When it comes to hospital budgets, linen and laundry costs sometimes get ignored. After all, laundry and linen expenses only account for 2 to 3 percent of a hospital’s budget, according to the American Reusable Textile Association. Although typically a tiny slice of a budget, without appropriate oversight linen expenses can rise to six or seven digits very quickly, stretching a hospital’s budget. David Harris, senior consultant, advisory solutions for Vizient, noted some large hospitals could spend more than $1 million annually on linen. Because of this, Harris urges providers to pay attention to their laundry and linen expenses.
“I think that sometimes linen is just not managed as closely as other supplies or services, and [hospitals] don’t necessarily realize the expenses associated with either purchasing linen or having the laundry done,” Harris said.
Possible factors that drive up linen and laundry expenses include linen leaving the hospital either with a patient at discharge or with a medical transporter, and medical facilities lacking a linen utilization program. To get control of linen expenses, Harris offers the following suggestions.
Choose between owning and renting laundry
In a hospital setting, some opt to either purchase their linens or rent them through a laundry service. Regardless of their choice, Harris encourages providers to determine which is more cost effective for their facilities, to rent or to own. A good way to determine this is to set benchmarks for assessing linen and laundry costs. One benchmark he suggests hospitals use is pounds of clean linen delivered divided by the adjusted patient days. According to the November 2015 Becker’s Hospital CFO Report, total pounds (clean linen) divided by patient days should be less than 15 pounds, and total pounds divided by adjusted patient days should be less than 12. The optimal cost per pound of laundry and linen rental should be less than $0.44 per pound.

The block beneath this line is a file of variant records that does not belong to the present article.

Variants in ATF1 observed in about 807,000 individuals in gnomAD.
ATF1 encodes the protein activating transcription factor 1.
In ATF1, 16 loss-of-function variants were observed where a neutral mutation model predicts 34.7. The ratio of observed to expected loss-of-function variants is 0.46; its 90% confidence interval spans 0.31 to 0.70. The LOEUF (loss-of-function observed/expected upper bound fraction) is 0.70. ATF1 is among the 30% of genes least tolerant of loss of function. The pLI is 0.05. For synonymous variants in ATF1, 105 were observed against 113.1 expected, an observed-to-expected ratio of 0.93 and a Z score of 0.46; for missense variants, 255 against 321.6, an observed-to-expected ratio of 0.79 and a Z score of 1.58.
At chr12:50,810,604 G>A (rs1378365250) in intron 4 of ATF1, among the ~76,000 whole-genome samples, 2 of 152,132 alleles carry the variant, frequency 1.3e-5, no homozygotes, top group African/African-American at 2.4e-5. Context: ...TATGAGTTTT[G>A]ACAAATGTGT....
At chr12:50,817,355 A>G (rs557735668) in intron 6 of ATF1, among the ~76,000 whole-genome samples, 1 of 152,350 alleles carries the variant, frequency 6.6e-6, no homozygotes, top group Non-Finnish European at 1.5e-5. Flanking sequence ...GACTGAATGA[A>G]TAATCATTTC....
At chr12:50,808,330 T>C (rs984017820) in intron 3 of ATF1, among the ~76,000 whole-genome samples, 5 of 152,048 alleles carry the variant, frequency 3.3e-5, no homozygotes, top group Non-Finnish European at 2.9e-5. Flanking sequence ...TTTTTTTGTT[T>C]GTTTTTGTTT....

Prevent the loss of linen
Linen can disappear from a facility through waste disposal, exchange with ambulance crews or discharged patients. Harris said providers must keep a watchful eye on their linen inventory and he offers this advice when dealing with misplaced blankets and other bedding:
- Educate staff on the proper placement of soiled and bloody linen. According to OSHA, staff should place contaminated laundry in bags that are either labeled or color coded per OSHA’s Universal Precautions policy.
- Devise a plan where a facility’s linen is accounted for when it leaves the hospital and is in the possession of an ambulance crew
- To reduce the loss of linen at the time of discharge, consider asking families to provide the patients with their personal blankets or outerwear
Other instances of loss may occur as a result of staff or patients thinking that the cost of linen is insignificant or is factored into the overall patient bill. Hospitals should make staff aware of the cost of linen to emphasize the need to retain it just as they would other reusable, patient care products or resources.
Create a linen utilization program
To tackle cost issues associated with losing linen, Harris said hospitals must establish a linen utilization program.
“We sometimes find that we come to a hospital and we ask to see their linen utilization policy. More often than not, they can’t find it,” Harris said. “If they’ve got one, they need to review it regularly and make sure it’s working. If they don’t have one, then they need to develop one.”
To help develop a policy that meets the needs of patients and caregivers, Harris suggests that health systems form a linen utilization team that crosses various departments within a hospital. This group should include nursing, supply chain, environmental services, staff from the facility’s procedural areas, linen department, infection prevention division, patient care experience area and the hospital’s linen supplier. Within this group of stakeholders, he recommends they determine if the current program is not only meeting the needs of the hospital’s bottom line but also the needs of the patients and the caregivers The linen utilization team should be responsible for writing or revising a linen policy that will clearly state:
- The frequency of bed changes
- Standard bed make-up that is consistent from one floor to another
- Proper handling of stained, torn or soiled linen
- Appropriate use of linen and by whom
- Amount of linen on hand in the patient’s room
- Exchange protocol with ambulance crews for the emergency department and any patient care areas where transfers of patients occur
Harris suggests the team meet every two weeks until the linen utilization policy is fully implemented and operational then adjust to quarterly meetings for ongoing review of data and usage.
“Remember that linen and laundry are something that warrant attention. They can be easily overlooked because they don’t catch the eye like a lot of things can in the hospital,” Harris said.
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